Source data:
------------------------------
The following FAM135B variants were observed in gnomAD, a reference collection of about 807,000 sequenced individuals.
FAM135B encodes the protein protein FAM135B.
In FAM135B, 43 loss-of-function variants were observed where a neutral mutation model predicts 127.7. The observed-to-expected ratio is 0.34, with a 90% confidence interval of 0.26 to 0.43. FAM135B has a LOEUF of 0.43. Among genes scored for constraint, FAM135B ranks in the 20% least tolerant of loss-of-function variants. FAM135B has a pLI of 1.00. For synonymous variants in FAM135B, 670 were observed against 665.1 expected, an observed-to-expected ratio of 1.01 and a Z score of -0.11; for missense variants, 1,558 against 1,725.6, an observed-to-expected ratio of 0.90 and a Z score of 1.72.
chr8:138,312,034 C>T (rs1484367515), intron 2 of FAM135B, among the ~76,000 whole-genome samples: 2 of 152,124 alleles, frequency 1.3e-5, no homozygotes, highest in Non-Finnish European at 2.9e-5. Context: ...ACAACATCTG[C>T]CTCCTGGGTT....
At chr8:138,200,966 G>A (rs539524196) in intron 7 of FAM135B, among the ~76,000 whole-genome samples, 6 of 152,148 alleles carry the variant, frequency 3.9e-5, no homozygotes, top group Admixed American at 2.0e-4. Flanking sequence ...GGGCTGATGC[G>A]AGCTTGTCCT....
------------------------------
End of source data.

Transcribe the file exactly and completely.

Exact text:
The following FAM135B variants were observed in gnomAD, a reference collection of about 807,000 sequenced individuals.
FAM135B encodes the protein protein FAM135B.
In FAM135B, 43 loss-of-function variants were observed where a neutral mutation model predicts 127.7. The observed-to-expected ratio is 0.34, with a 90% confidence interval of 0.26 to 0.43. FAM135B has a LOEUF of 0.43. Among genes scored for constraint, FAM135B ranks in the 20% least tolerant of loss-of-function variants. FAM135B has a pLI of 1.00. For synonymous variants in FAM135B, 670 were observed against 665.1 expected, an observed-to-expected ratio of 1.01 and a Z score of -0.11; for missense variants, 1,558 against 1,725.6, an observed-to-expected ratio of 0.90 and a Z score of 1.72.
chr8:138,312,034 C>T (rs1484367515), intron 2 of FAM135B, among the ~76,000 whole-genome samples: 2 of 152,124 alleles, frequency 1.3e-5, no homozygotes, highest in Non-Finnish European at 2.9e-5. Context: ...ACAACATCTG[C>T]CTCCTGGGTT....
At chr8:138,200,966 G>A (rs539524196) in intron 7 of FAM135B, among the ~76,000 whole-genome samples, 6 of 152,148 alleles carry the variant, frequency 3.9e-5, no homozygotes, top group Admixed American at 2.0e-4. Flanking sequence ...GGGCTGATGC[G>A]AGCTTGTCCT....